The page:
Three lessons in Analytics from the Apple Watch

27 October 2015

Dan Hawker

Dan Hawker

Former Head of Tobacco, Wholesale & Retail

As many of you know, I bought an Apple Watch earlier this year.

In fact, I’ve had it, I’ve lost it, and I’ve replaced it.

And in doing so, I’ve learnt (or rather, been reminded of) three things about Business Intelligence, Analytics, Data Warehousing, Reporting, Dashboards and Management Information.*

1) Security is important

When you lose something that’s so connected to the rest of your data, that 4 digit pin code is looking a little flaky, even if you don’t have Apple Pay activated.

In the world of analytics, this is where integrated enterprise solutions have an edge over flashy, but standalone, upstarts – they eliminate the need for spreadsheets to float around in vulnerable environments.

If people still want to take a copy of the data in some form, they’ll find a way of doing it, but it gives them one less excuse.

2) Simple visualisations are powerful

One of my most-used applications on the watch is the activity tracker. It tracks three things that are linked:

  • How often you stand
  • How much exercise you do
  • How many calories you burn.

It appears as a little icon of three concentric rings (or partial rings, if your daily goal is not yet achieved). I understand exactly how to influence each concentric ring.

It’s a simple, powerful motivator for me to achieve what I set out to do each day.

Contrast that with most “design by committee” dashboards that end up cluttering the enterprise.

They are awash with dials, charts, tables and traffic lights – the opposite of simple, and the opposite of powerful.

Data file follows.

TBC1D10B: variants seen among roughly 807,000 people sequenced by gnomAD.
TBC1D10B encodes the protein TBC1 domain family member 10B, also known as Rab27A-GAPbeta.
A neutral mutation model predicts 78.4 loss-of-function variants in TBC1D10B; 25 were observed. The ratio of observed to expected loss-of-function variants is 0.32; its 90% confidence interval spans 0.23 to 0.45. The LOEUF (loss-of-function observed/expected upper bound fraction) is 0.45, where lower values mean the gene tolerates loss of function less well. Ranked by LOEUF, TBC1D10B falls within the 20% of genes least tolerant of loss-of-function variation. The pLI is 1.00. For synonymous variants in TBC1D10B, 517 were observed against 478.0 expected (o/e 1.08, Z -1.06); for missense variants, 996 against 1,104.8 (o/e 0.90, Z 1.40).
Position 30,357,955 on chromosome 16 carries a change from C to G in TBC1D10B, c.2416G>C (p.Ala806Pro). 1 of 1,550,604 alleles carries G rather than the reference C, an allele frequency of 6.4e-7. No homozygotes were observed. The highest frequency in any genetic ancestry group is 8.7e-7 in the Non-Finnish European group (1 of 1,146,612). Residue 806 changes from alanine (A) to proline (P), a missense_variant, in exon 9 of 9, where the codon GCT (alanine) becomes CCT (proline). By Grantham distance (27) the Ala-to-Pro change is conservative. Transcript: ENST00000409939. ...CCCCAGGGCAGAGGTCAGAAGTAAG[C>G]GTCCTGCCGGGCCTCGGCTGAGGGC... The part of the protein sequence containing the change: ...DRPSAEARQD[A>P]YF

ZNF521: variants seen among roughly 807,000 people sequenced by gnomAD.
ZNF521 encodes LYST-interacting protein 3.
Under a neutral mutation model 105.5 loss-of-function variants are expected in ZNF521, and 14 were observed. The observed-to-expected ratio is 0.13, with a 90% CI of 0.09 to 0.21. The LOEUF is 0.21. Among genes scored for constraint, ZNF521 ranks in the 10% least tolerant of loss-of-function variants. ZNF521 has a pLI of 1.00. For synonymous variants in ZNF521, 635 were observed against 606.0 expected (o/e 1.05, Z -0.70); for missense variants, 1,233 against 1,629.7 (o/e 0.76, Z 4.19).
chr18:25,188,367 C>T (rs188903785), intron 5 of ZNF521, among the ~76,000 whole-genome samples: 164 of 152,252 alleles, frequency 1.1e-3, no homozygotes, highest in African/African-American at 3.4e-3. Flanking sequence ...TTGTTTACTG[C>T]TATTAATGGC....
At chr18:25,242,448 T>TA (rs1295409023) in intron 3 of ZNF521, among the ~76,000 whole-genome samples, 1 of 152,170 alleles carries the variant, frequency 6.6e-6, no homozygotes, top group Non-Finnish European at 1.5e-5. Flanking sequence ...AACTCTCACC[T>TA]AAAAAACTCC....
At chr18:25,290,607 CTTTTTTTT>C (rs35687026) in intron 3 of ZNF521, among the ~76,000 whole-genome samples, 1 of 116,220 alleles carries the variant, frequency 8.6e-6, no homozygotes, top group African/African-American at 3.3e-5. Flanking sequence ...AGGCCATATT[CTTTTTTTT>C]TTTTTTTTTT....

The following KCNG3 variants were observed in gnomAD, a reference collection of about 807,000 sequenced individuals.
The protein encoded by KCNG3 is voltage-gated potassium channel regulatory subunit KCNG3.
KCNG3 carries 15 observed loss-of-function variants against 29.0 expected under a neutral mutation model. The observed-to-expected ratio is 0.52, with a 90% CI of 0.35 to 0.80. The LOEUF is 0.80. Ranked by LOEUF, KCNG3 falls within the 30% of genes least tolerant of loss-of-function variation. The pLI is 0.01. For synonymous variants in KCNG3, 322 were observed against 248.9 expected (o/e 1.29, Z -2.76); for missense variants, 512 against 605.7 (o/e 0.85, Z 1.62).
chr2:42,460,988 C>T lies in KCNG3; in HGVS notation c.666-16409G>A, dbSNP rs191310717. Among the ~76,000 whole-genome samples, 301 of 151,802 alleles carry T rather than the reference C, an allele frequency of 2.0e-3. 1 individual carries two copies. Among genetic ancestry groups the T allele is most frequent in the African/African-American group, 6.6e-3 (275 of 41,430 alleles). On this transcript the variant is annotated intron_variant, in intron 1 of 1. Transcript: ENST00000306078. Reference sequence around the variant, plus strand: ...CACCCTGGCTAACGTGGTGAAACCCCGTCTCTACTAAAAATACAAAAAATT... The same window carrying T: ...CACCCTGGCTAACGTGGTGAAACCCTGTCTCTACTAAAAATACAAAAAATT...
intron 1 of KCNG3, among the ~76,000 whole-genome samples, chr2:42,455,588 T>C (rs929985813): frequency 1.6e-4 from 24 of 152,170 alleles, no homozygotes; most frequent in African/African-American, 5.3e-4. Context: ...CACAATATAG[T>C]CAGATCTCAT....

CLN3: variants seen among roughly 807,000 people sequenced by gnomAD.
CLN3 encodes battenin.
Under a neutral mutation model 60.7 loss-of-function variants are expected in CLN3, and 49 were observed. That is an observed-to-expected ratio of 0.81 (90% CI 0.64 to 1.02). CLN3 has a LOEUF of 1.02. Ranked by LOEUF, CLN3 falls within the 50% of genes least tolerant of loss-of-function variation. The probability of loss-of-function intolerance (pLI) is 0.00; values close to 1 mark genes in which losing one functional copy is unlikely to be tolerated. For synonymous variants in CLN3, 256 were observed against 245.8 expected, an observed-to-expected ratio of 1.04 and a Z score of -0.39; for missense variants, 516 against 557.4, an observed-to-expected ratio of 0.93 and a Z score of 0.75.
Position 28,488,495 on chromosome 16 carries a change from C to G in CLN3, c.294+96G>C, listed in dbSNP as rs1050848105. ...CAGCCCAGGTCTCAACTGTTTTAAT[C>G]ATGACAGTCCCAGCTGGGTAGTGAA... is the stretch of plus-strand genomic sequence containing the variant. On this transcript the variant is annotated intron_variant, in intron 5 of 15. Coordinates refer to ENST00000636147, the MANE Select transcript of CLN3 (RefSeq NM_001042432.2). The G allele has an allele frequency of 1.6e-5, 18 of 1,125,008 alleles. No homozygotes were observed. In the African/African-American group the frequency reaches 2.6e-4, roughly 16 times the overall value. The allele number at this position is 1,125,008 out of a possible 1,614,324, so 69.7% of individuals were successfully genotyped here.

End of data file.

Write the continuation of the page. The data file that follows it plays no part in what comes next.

Sometimes you need to bypass the committee, and give a single, visionary individual the authority and budget to reset expectations of what analytics should be.

3) Mobile is key

People are drawn to sources of energy. You see it with people drawn to the football on the TV in a pub. You see it with people walking down the street glued to their iPhone. You feel it yourself when you see a warmly lit destination at the end of a long walk in the dark.

A mobile phone is a portable energy source that almost everybody now has, and which connects people to the things they want.

A watch adds another mobile, connected energy source, to the list of available options.

These are the environments people are going to be drawn into for large parts of their day, without even consciously choosing to do so.

So if you want your simple, powerful, secure visualization to actually influence somebody’s decisions, put it on their mobile, connected energy source – they’ll have no choice but to be influenced by it.

*There’s a prize to anybody who can precisely define the differences between all of these in a way that everybody agrees with and understands.

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